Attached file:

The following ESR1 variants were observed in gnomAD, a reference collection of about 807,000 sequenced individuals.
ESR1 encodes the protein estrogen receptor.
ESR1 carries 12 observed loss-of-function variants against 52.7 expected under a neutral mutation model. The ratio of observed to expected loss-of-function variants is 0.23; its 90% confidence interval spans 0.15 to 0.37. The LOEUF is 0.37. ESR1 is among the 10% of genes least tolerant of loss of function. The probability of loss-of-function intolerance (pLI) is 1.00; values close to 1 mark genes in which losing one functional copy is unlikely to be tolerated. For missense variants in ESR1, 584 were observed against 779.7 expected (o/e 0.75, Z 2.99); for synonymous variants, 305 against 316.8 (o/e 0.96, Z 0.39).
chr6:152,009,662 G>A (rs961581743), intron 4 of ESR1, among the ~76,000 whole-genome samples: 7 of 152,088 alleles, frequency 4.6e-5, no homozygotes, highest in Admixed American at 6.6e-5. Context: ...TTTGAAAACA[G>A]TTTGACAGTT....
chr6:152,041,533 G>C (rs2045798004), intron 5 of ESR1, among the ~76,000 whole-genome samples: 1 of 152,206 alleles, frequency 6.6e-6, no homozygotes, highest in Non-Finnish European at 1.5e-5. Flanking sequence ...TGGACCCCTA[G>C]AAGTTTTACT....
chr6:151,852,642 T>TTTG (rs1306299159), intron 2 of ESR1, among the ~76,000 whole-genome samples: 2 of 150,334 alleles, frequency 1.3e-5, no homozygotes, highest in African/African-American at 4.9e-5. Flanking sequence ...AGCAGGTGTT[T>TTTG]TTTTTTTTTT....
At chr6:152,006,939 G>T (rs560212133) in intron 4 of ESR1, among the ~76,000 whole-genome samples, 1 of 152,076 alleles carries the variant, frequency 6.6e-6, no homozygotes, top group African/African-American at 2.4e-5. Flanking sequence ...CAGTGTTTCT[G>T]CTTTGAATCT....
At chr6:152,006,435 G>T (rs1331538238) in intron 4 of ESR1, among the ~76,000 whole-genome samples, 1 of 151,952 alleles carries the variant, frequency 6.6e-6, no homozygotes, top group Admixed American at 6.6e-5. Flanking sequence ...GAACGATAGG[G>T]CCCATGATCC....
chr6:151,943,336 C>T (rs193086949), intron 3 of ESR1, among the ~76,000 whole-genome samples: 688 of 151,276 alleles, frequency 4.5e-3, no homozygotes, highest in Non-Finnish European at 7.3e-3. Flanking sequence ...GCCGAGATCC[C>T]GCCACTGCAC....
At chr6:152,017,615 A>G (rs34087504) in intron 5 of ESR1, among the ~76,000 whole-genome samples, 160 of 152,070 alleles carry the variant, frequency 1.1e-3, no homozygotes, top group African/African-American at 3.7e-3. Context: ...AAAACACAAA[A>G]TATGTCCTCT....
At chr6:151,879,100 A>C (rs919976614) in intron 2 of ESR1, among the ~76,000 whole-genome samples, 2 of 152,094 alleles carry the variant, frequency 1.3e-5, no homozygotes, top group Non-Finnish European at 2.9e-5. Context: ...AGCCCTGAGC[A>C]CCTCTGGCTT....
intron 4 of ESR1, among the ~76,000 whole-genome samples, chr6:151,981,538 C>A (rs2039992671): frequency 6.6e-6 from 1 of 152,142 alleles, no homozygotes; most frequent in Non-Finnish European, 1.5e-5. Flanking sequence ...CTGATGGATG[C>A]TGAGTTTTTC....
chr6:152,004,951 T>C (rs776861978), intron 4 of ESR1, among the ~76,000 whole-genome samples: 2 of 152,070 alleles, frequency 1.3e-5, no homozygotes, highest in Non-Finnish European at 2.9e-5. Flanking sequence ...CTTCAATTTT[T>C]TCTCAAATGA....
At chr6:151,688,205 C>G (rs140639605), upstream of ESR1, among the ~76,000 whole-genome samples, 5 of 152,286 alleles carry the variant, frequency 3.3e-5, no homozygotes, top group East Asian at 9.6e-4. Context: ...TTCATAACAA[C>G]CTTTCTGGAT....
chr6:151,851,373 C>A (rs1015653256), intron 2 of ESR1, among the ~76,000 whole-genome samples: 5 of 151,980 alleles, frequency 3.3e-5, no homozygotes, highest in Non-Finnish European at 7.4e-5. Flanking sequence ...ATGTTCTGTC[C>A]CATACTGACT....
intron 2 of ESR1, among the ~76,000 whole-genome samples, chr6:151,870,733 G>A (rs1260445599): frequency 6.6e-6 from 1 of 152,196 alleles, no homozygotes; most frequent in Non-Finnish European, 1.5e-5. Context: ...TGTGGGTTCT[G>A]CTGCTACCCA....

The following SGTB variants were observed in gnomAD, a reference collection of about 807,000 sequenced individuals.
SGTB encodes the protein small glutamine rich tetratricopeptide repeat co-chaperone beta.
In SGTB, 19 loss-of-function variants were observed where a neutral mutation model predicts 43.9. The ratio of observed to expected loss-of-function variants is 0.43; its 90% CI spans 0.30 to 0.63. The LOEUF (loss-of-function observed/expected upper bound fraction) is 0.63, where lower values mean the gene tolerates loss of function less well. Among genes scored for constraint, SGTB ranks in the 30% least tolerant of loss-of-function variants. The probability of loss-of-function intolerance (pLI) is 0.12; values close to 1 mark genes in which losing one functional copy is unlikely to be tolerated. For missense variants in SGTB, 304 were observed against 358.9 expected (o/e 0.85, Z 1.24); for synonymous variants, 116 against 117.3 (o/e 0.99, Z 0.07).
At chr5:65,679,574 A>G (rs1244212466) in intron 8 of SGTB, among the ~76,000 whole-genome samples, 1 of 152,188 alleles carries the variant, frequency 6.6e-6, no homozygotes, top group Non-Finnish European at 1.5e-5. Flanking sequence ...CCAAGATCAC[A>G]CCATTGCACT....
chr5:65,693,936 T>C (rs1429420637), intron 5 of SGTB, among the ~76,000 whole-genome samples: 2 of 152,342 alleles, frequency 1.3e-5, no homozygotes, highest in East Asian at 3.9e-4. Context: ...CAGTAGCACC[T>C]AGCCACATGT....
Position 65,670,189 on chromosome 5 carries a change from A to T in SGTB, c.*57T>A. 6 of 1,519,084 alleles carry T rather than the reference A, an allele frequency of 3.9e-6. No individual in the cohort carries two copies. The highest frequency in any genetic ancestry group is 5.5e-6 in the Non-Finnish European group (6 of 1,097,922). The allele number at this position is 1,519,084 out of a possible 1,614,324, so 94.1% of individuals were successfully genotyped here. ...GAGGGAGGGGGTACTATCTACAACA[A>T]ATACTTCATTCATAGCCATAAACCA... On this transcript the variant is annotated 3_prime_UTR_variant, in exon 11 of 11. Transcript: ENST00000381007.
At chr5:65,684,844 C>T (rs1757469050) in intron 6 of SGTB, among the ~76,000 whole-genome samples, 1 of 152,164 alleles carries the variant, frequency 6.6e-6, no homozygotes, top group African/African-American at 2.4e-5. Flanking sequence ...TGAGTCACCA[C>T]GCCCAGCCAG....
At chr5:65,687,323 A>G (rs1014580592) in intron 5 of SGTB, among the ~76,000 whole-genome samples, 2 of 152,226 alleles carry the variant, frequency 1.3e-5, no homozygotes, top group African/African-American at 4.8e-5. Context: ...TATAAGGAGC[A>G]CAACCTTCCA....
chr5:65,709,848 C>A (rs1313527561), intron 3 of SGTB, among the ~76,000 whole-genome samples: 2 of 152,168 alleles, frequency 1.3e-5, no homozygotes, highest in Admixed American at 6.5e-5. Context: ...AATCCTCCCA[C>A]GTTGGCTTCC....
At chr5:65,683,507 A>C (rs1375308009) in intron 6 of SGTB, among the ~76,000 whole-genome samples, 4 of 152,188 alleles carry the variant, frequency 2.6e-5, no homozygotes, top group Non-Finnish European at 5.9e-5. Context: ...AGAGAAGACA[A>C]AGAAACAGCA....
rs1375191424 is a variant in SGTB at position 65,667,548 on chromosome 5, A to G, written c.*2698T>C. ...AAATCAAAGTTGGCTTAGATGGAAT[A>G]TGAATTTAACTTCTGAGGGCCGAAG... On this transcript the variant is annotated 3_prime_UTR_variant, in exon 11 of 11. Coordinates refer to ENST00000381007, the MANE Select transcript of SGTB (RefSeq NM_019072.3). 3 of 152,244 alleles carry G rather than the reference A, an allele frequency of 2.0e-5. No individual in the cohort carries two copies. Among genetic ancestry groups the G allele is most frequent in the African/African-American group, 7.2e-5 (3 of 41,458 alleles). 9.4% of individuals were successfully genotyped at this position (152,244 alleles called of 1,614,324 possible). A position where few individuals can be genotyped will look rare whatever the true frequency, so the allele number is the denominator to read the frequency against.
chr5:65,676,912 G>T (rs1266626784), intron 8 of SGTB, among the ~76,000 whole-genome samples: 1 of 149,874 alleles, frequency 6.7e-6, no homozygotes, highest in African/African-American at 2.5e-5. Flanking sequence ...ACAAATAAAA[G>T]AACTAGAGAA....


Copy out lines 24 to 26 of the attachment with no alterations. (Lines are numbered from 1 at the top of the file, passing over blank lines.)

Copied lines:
At chr5:65,687,323 A>G (rs1014580592) in intron 5 of SGTB, among the ~76,000 whole-genome samples, 2 of 152,226 alleles carry the variant, frequency 1.3e-5, no homozygotes, top group African/African-American at 4.8e-5. Context: ...TATAAGGAGC[A>G]CAACCTTCCA....
chr5:65,709,848 C>A (rs1313527561), intron 3 of SGTB, among the ~76,000 whole-genome samples: 2 of 152,168 alleles, frequency 1.3e-5, no homozygotes, highest in Admixed American at 6.5e-5. Context: ...AATCCTCCCA[C>A]GTTGGCTTCC....
At chr5:65,683,507 A>C (rs1375308009) in intron 6 of SGTB, among the ~76,000 whole-genome samples, 4 of 152,188 alleles carry the variant, frequency 2.6e-5, no homozygotes, top group Non-Finnish European at 5.9e-5. Context: ...AGAGAAGACA[A>C]AGAAACAGCA....